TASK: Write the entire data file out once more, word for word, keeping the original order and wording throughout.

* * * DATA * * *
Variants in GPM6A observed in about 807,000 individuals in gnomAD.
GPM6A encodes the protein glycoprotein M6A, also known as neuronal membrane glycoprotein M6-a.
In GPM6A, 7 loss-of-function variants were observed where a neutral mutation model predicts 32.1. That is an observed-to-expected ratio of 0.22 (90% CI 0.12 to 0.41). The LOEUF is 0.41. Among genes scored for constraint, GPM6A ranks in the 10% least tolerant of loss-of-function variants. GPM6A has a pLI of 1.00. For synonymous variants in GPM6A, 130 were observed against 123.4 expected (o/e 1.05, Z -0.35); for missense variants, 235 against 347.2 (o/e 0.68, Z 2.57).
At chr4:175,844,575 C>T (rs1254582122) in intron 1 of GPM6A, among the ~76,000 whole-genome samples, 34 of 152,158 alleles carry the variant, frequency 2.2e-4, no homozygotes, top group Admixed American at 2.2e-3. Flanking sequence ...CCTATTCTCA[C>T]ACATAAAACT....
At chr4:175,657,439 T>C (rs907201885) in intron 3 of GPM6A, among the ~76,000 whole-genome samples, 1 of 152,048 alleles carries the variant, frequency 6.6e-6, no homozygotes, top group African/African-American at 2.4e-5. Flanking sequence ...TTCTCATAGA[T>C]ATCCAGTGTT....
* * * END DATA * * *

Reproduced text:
Variants in GPM6A observed in about 807,000 individuals in gnomAD.
GPM6A encodes the protein glycoprotein M6A, also known as neuronal membrane glycoprotein M6-a.
In GPM6A, 7 loss-of-function variants were observed where a neutral mutation model predicts 32.1. That is an observed-to-expected ratio of 0.22 (90% CI 0.12 to 0.41). The LOEUF is 0.41. Among genes scored for constraint, GPM6A ranks in the 10% least tolerant of loss-of-function variants. GPM6A has a pLI of 1.00. For synonymous variants in GPM6A, 130 were observed against 123.4 expected (o/e 1.05, Z -0.35); for missense variants, 235 against 347.2 (o/e 0.68, Z 2.57).
At chr4:175,844,575 C>T (rs1254582122) in intron 1 of GPM6A, among the ~76,000 whole-genome samples, 34 of 152,158 alleles carry the variant, frequency 2.2e-4, no homozygotes, top group Admixed American at 2.2e-3. Flanking sequence ...CCTATTCTCA[C>T]ACATAAAACT....
At chr4:175,657,439 T>C (rs907201885) in intron 3 of GPM6A, among the ~76,000 whole-genome samples, 1 of 152,048 alleles carries the variant, frequency 6.6e-6, no homozygotes, top group African/African-American at 2.4e-5. Flanking sequence ...TTCTCATAGA[T>C]ATCCAGTGTT....